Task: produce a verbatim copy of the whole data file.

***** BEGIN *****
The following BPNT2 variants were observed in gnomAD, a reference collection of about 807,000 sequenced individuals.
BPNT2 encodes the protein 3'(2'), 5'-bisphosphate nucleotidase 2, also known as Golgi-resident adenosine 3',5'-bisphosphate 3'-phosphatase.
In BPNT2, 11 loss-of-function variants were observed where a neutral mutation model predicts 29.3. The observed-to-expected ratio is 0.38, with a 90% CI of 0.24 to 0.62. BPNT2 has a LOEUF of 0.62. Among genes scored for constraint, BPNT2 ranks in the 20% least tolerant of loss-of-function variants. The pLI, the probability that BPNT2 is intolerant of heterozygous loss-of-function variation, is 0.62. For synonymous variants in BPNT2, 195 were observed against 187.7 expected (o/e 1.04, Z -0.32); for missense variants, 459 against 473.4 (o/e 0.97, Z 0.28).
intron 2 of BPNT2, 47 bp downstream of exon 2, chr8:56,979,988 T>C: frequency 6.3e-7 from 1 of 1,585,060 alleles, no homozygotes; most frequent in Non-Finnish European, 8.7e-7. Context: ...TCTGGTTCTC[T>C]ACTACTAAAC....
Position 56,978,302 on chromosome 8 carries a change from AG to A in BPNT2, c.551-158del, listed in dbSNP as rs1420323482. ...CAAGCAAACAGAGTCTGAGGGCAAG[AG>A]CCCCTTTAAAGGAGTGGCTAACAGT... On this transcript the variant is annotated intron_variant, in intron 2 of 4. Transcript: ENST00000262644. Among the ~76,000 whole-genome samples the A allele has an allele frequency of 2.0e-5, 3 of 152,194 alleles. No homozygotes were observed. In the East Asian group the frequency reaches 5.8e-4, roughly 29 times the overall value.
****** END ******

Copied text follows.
The following BPNT2 variants were observed in gnomAD, a reference collection of about 807,000 sequenced individuals.
BPNT2 encodes the protein 3'(2'), 5'-bisphosphate nucleotidase 2, also known as Golgi-resident adenosine 3',5'-bisphosphate 3'-phosphatase.
In BPNT2, 11 loss-of-function variants were observed where a neutral mutation model predicts 29.3. The observed-to-expected ratio is 0.38, with a 90% CI of 0.24 to 0.62. BPNT2 has a LOEUF of 0.62. Among genes scored for constraint, BPNT2 ranks in the 20% least tolerant of loss-of-function variants. The pLI, the probability that BPNT2 is intolerant of heterozygous loss-of-function variation, is 0.62. For synonymous variants in BPNT2, 195 were observed against 187.7 expected (o/e 1.04, Z -0.32); for missense variants, 459 against 473.4 (o/e 0.97, Z 0.28).
intron 2 of BPNT2, 47 bp downstream of exon 2, chr8:56,979,988 T>C: frequency 6.3e-7 from 1 of 1,585,060 alleles, no homozygotes; most frequent in Non-Finnish European, 8.7e-7. Context: ...TCTGGTTCTC[T>C]ACTACTAAAC....
Position 56,978,302 on chromosome 8 carries a change from AG to A in BPNT2, c.551-158del, listed in dbSNP as rs1420323482. ...CAAGCAAACAGAGTCTGAGGGCAAG[AG>A]CCCCTTTAAAGGAGTGGCTAACAGT... On this transcript the variant is annotated intron_variant, in intron 2 of 4. Transcript: ENST00000262644. Among the ~76,000 whole-genome samples the A allele has an allele frequency of 2.0e-5, 3 of 152,194 alleles. No homozygotes were observed. In the East Asian group the frequency reaches 5.8e-4, roughly 29 times the overall value.